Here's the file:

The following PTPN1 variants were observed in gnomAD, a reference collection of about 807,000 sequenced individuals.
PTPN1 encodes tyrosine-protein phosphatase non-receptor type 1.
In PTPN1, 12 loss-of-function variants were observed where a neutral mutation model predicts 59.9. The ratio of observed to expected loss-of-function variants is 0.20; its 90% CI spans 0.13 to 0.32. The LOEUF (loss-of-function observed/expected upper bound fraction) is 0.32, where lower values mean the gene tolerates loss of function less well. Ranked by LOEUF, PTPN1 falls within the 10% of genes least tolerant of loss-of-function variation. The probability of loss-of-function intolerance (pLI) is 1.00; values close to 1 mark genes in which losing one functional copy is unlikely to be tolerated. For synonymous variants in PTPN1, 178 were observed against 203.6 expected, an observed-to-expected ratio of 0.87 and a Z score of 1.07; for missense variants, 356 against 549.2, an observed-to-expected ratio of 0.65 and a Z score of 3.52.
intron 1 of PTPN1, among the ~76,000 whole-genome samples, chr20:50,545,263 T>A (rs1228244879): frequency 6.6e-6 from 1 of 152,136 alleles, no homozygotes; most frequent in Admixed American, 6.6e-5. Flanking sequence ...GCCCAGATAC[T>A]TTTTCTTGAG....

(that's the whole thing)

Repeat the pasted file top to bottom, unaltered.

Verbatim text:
The following PTPN1 variants were observed in gnomAD, a reference collection of about 807,000 sequenced individuals.
PTPN1 encodes tyrosine-protein phosphatase non-receptor type 1.
In PTPN1, 12 loss-of-function variants were observed where a neutral mutation model predicts 59.9. The ratio of observed to expected loss-of-function variants is 0.20; its 90% CI spans 0.13 to 0.32. The LOEUF (loss-of-function observed/expected upper bound fraction) is 0.32, where lower values mean the gene tolerates loss of function less well. Ranked by LOEUF, PTPN1 falls within the 10% of genes least tolerant of loss-of-function variation. The probability of loss-of-function intolerance (pLI) is 1.00; values close to 1 mark genes in which losing one functional copy is unlikely to be tolerated. For synonymous variants in PTPN1, 178 were observed against 203.6 expected, an observed-to-expected ratio of 0.87 and a Z score of 1.07; for missense variants, 356 against 549.2, an observed-to-expected ratio of 0.65 and a Z score of 3.52.
intron 1 of PTPN1, among the ~76,000 whole-genome samples, chr20:50,545,263 T>A (rs1228244879): frequency 6.6e-6 from 1 of 152,136 alleles, no homozygotes; most frequent in Admixed American, 6.6e-5. Flanking sequence ...GCCCAGATAC[T>A]TTTTCTTGAG....